If Schubert’s Fantasie is the poignant meditation of a master who senses that he is near the end of his life, Walton’s Piano Quartet is the youthfully exuberant work of a newly minted composer. Walton—whom the Grove Dictionary calls “one of the major figures to emerge in England between Vaughn Williams and Britten”—was a 16-year-old student at Oxford when he began working on the Quartet. Oxford was important to Walton for two reasons. He spent much of his time there studying scores (especially Debussy, Ravel, Prokofiev, and Stravinsky) and developing his craft. He also became friends with Sacheverell Sitwell, who, together with his siblings Osbert and Edith, “adopted” him as an honorary brother. After Oxford, Walton lived with the Sitwells for more than a decade. Not only did they provide financial support, but they expanded his musical and cultural worlds, introducing him to the musicians and writers who were shaping the arts in the postwar world. They also introduced him to Italy, where, years later, he moved with his wife, building a home on the island of Ischia.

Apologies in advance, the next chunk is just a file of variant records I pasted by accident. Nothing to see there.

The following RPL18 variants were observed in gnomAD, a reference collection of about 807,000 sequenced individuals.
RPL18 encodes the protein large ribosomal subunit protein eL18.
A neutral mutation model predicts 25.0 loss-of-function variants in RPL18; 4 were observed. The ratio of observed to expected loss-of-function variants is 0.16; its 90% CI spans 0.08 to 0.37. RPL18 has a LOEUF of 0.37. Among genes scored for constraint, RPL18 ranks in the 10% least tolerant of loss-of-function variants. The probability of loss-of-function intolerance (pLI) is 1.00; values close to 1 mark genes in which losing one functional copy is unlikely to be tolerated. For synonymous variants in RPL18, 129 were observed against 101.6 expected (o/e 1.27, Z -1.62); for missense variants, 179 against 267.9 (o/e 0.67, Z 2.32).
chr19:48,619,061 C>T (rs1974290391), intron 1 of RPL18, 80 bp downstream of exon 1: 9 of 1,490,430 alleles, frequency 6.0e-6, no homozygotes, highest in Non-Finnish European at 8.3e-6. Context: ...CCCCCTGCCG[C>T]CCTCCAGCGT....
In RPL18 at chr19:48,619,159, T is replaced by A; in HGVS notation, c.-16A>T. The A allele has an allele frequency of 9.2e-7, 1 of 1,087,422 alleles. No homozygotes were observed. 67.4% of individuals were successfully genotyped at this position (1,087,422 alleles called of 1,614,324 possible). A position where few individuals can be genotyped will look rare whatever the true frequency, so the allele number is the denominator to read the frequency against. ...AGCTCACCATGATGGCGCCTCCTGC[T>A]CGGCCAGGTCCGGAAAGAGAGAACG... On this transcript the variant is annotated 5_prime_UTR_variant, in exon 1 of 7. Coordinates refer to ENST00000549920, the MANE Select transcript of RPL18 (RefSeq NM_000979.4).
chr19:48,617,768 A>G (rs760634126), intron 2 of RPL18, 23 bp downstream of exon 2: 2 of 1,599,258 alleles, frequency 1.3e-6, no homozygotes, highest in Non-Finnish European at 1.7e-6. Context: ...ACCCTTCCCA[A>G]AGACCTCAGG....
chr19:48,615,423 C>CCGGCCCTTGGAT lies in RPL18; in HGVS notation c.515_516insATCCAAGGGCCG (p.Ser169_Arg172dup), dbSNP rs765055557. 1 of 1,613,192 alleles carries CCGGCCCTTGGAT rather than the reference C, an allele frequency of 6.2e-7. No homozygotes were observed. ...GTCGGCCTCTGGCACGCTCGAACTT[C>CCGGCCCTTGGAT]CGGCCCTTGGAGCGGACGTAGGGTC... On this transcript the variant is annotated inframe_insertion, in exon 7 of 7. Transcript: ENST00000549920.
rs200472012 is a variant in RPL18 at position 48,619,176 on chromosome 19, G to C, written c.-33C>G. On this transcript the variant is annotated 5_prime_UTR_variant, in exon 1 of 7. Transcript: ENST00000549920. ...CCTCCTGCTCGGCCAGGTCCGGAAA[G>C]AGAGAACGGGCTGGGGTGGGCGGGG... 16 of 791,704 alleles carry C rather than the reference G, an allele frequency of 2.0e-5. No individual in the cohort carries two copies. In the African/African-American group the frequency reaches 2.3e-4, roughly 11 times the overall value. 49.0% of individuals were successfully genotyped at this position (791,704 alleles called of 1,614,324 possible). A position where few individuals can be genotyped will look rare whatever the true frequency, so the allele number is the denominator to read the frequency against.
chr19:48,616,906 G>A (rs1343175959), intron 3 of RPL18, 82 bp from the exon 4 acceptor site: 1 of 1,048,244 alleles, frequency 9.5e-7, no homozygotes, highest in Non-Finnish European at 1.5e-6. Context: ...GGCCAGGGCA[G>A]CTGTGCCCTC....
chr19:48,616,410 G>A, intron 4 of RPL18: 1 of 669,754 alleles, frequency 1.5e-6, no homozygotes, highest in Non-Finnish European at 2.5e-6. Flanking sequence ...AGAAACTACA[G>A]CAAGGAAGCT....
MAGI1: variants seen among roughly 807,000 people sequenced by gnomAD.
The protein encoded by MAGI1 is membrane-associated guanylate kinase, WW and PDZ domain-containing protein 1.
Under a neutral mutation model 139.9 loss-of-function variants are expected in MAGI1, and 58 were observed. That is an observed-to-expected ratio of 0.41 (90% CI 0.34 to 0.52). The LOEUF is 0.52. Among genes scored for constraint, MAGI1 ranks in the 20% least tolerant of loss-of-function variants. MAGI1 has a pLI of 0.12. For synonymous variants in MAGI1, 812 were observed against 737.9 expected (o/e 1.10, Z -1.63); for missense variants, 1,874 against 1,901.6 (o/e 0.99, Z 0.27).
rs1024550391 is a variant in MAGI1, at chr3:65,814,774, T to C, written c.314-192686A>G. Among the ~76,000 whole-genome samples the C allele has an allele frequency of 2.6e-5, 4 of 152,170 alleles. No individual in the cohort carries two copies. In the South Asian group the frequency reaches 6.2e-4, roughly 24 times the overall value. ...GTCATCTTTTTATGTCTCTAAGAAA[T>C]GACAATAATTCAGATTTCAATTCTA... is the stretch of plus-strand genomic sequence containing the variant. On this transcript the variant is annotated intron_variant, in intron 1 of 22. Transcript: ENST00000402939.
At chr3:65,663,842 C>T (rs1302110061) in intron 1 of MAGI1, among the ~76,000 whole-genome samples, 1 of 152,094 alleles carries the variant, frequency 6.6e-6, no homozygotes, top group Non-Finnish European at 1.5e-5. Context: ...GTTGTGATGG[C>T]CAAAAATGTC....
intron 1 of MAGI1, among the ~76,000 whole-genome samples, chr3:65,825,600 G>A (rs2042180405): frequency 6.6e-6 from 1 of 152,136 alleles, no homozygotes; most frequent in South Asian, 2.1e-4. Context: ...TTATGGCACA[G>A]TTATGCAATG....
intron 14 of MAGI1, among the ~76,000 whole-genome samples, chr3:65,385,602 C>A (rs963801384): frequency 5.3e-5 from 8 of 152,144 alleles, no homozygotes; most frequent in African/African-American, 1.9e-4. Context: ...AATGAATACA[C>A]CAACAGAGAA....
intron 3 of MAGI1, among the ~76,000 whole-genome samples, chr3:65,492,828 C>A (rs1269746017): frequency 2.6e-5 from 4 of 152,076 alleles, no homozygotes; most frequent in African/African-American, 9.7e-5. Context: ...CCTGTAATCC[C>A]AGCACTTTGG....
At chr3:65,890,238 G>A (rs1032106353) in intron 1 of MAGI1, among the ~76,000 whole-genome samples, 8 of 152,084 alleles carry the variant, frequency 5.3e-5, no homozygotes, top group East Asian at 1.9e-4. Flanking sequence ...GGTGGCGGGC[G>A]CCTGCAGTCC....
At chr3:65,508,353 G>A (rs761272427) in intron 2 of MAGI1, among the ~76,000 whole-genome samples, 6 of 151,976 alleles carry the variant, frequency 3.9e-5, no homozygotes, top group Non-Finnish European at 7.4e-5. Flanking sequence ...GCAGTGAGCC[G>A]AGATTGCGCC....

Walton created his first sensation in the 1920s with Façade, a musical setting of poems by Edith Sitwell that drew on everything from popular dances and jazz to Schoenberg’s Pierre lunaire and Stravinsky’s Histoire du soldat. His Viola Concerto (1929), the dramatic oratorio Belshazzar’s Feast (1931), and his first symphony (1935) cemented his reputation as a colorful and inventive composer. During the war years he supported himself by writing scores for films, notably Laurence Olivier’s Henry V. Over the next many years, he received important commissions from major orchestras and artists. His compositions, for which he won many awards and honors, spanned a wide range of styles, from the early Façade, with its roots in the 1920s avant garde, to his opera Troilus and Cressida, an attempt to work within the traditions of 19th-century Italian opera.